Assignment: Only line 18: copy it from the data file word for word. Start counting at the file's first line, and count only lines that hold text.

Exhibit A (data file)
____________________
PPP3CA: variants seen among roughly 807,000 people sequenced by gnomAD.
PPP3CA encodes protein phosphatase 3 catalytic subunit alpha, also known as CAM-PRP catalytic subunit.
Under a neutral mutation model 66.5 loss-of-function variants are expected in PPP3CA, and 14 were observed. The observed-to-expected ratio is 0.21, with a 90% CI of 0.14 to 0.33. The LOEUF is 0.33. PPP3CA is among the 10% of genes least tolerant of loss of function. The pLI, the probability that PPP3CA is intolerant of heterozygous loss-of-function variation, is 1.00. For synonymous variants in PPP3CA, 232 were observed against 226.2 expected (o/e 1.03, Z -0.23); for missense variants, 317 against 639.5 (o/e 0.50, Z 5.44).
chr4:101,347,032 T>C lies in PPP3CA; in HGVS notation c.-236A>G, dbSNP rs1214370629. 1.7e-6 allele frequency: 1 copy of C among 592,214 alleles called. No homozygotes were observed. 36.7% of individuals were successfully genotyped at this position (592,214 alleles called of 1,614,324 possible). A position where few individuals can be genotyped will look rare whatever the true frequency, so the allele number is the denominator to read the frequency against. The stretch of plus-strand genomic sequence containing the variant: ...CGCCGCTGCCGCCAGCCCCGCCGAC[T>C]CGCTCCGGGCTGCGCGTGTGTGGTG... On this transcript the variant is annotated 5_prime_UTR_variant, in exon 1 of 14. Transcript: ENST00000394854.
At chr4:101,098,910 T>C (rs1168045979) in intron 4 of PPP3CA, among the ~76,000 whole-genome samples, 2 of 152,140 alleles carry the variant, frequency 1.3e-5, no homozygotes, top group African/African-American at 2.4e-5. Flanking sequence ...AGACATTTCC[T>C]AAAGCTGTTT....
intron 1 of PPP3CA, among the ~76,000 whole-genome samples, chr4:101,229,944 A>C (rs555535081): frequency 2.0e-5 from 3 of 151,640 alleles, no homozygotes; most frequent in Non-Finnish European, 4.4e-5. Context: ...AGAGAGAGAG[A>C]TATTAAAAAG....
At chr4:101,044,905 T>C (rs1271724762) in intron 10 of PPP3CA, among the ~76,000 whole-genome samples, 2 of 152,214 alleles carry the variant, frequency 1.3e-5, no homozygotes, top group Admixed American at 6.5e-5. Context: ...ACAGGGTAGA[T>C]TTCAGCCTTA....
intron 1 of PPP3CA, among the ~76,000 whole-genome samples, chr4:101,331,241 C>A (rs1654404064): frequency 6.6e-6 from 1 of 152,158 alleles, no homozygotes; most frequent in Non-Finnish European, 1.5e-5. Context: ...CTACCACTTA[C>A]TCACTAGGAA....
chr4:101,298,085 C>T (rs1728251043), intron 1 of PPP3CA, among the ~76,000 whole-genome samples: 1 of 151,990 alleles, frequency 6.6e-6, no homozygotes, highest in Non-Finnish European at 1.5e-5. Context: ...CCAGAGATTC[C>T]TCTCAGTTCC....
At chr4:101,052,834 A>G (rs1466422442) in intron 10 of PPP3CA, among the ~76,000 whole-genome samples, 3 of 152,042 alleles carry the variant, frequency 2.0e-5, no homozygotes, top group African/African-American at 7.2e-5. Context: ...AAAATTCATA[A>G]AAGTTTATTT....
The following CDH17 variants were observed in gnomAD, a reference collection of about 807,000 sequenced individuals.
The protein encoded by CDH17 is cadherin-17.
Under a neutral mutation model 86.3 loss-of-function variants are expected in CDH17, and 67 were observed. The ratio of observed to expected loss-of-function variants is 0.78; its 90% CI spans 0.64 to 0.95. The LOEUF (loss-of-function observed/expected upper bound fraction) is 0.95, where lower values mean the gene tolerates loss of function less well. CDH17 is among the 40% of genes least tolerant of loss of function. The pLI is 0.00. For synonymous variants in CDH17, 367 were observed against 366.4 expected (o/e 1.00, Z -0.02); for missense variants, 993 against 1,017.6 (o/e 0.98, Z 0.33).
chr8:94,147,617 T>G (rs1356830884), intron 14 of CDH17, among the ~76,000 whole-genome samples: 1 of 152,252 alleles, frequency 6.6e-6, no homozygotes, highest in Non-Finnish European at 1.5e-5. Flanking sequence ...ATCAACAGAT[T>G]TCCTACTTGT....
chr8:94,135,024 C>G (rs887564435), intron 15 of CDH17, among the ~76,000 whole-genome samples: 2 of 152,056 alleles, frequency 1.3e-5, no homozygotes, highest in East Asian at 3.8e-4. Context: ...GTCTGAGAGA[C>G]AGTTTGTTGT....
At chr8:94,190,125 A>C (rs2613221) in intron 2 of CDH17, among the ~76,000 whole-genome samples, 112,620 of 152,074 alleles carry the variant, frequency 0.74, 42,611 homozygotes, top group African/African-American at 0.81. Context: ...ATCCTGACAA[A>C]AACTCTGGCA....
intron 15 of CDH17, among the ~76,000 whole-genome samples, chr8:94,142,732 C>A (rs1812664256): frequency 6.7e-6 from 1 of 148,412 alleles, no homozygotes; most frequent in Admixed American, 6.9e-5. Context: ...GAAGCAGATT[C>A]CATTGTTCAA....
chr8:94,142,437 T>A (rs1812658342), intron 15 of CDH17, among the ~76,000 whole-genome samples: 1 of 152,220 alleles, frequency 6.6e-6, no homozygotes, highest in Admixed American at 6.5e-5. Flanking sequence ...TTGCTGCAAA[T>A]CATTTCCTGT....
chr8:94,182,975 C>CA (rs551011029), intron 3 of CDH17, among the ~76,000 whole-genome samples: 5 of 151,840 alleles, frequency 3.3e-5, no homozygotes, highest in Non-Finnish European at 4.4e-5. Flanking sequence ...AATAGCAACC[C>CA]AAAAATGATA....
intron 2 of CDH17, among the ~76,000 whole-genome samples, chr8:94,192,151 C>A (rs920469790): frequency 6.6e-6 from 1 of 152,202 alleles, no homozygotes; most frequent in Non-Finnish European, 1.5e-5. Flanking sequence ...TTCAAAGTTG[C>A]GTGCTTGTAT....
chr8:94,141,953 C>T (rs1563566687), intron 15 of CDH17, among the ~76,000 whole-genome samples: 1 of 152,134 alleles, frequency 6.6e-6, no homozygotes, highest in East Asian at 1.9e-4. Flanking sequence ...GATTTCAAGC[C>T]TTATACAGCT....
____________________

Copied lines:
chr8:94,142,437 T>A (rs1812658342), intron 15 of CDH17, among the ~76,000 whole-genome samples: 1 of 152,220 alleles, frequency 6.6e-6, no homozygotes, highest in Admixed American at 6.5e-5. Flanking sequence ...TTGCTGCAAA[T>A]CATTTCCTGT....